Newport Beach teenager sews hundreds of masks to help hospitals and others battle coronavirus
Rylen Schmid was enrolled in a design class at 6 years old and has been sewing ever since.
When the COVID-19 coronavirus outbreak became a pandemic last month, Rylen began thinking about ways she could help and tap into her creative side.
Now 16, the Newport Beach resident decided on making masks.
“When COVID-19 happened, I knew that I wanted to do something through service,” she said. “I researched and figured out what hospitals needed and I started making my masks. I make them with four different layers of 100% cotton. It’s tightly woven, so it’s less likely to get germs through. I’ve just been donating them to local elderly centers, hospitals, local businesses, family and friends.”
Rylen, a sophomore at Orange Lutheran High School, enjoys giving back to those in need. She’s been making homemade blankets for about a year for Project Linus, an organization that donates blankets to people in intensive care units at local hospitals.
Her mask-making operation is out of a small room in her family’s Eastbluff home. Equipped with a single sewing machine that was once a birthday gift and fabric she bought locally, she’s made close to 500 masks over the past three weeks, she said.
The first, for her mother, Heather, was made out of a vacuum bag so Heather could go to the supermarket. It has taken off from there.
Rylen said Emily Williams, her dance teacher at Newport Beach’s Odyssey Dance Academy, recently donated a large amount of fabric that should help keep the masks coming.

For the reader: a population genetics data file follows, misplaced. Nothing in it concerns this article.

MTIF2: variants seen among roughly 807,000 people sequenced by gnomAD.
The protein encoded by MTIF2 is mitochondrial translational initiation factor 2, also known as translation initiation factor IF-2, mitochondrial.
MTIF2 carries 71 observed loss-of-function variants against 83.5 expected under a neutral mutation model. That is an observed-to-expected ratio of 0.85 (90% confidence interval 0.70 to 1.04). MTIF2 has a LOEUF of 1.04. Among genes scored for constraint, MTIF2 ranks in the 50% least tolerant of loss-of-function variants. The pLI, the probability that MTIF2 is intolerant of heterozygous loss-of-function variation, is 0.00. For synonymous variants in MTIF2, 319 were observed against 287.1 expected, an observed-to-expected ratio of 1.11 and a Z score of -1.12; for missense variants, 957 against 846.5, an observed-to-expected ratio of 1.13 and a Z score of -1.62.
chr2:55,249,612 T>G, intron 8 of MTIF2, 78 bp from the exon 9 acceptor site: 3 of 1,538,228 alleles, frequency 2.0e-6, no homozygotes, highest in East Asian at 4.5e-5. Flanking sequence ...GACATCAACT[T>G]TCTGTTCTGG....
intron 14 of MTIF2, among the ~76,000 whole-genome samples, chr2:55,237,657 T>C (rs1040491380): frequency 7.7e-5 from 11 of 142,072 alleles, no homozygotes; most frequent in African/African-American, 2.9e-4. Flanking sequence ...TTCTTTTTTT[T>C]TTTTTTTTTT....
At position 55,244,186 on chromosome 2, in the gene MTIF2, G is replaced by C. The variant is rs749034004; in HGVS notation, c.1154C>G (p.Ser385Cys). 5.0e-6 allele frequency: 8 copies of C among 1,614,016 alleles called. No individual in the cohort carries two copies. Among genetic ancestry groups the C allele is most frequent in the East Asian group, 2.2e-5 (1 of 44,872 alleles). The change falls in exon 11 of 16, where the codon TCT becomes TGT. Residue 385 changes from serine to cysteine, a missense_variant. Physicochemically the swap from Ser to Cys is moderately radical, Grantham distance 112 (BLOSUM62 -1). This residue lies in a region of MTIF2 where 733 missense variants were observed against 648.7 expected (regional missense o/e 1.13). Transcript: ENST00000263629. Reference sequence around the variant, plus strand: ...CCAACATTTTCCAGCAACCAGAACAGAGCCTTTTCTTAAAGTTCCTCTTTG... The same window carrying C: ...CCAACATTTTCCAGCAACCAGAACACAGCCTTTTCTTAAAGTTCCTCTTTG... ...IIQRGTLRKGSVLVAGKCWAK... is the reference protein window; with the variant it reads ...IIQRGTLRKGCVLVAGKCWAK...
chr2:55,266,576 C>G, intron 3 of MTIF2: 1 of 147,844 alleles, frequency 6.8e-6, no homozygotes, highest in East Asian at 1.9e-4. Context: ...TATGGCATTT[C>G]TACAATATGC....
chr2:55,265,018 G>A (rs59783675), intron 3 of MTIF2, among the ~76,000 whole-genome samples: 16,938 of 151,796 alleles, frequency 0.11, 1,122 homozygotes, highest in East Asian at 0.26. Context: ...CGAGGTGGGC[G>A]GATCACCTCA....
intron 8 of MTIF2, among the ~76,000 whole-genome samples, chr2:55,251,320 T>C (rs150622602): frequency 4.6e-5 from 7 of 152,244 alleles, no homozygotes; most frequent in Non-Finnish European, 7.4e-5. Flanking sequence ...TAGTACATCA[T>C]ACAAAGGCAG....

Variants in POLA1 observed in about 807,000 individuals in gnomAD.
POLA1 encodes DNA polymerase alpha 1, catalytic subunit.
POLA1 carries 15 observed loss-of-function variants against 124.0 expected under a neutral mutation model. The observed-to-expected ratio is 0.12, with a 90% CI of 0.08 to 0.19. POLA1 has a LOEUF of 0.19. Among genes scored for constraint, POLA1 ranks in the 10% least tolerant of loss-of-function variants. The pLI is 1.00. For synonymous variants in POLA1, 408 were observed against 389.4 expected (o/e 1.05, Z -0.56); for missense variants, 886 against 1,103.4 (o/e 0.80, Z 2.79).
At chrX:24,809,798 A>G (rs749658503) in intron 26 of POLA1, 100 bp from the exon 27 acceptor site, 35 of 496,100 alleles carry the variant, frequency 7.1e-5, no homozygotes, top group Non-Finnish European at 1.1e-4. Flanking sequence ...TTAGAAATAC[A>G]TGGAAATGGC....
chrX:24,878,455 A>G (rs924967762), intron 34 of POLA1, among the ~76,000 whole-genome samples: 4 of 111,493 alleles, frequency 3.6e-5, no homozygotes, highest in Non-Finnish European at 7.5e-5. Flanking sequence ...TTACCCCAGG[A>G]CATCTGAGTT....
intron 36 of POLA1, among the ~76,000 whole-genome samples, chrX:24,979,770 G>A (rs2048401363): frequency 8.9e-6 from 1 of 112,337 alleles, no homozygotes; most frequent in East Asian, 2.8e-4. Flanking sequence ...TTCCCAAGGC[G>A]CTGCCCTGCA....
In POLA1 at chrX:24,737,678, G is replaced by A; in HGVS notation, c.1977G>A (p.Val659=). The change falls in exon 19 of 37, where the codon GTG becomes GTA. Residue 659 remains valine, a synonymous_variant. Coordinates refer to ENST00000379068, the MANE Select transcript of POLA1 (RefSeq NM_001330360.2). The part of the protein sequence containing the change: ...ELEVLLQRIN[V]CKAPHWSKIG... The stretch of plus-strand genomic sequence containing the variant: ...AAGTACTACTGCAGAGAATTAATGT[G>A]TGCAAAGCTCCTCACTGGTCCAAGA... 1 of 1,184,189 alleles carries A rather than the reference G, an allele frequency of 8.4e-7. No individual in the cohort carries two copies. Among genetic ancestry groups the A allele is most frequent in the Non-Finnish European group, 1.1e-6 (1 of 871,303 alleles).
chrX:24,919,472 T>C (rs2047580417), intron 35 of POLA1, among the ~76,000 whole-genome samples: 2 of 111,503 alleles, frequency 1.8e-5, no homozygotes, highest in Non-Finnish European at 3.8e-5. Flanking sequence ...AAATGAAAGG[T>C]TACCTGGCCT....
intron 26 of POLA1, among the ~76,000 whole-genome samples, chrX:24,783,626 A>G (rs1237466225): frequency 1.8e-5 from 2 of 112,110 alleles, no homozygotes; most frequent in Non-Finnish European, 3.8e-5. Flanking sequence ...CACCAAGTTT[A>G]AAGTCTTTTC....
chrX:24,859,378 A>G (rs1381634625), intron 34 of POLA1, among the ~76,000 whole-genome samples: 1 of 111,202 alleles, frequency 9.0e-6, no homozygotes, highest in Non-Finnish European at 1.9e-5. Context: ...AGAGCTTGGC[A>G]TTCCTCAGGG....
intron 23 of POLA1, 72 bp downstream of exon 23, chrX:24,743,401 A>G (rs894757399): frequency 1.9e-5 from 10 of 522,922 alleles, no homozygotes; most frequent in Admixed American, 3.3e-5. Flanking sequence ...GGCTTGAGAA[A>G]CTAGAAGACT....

“I’ll probably be able to make at least 200 masks with the fabric she donated, which is really amazing,” Rylen said. “Other people have been donating as well. Everyone in the whole community has just been really supportive.”
Orange Lutheran has been on spring break this week, which means Rylen could devote more time to making the masks. She planned to drop off about 100 on Friday to Children’s Hospital of Orange County in Orange and 50 at Orange Coast Medical Center of Hope in Newport Beach.
Since Rylen’s father, John, works in property management for medical buildings, he’s able to deliver many of the masks.
“It seemed like there was this need, and it really just came about organically,” Heather Schmid said. “As a mom, I’ve loved it. It’s engaged her. When the world seems out of control, it probably makes her feel like there’s something that she can contribute.”
Rylen began sewing with Lisa Mayer, who runs Angel Threads Sewing School in Newport Beach. About a year ago, Rylen created an Instagram page, Rylen Schmid Designs, to highlight some of her design work. She also has a website, rylenschmid.com, that explains her story.
Local college counselor Iris Berkley has had Rylen as a student for about a year and continues to be impressed with the teenager’s drive. She also has volunteered with Costa Mesa-based Girls Inc.
“She’s pretty amazing,” Berkley said. “I give a lot of my students guidance on things they can do to really deepen their passions. She just goes, ‘OK.’ … You just give her the idea and she runs with it, which I love to see. I don’t know that I come across so many kids her age who execute consistently like that. It’s always, ‘How can I learn more, how can I do more, how can I be more helpful?’”
Rylen said she will continue producing masks as long as there is a need. She uses hair ties so the masks can be secured to faces and does the masks in mostly neutral colors, though she also likes using fun designs.
“I love being creative and I love that I can use this skill to donate in any capacity, even if it’s super minimal,” she said. “I’m really thankful that I have the ability to give back through my designing and sewing.”
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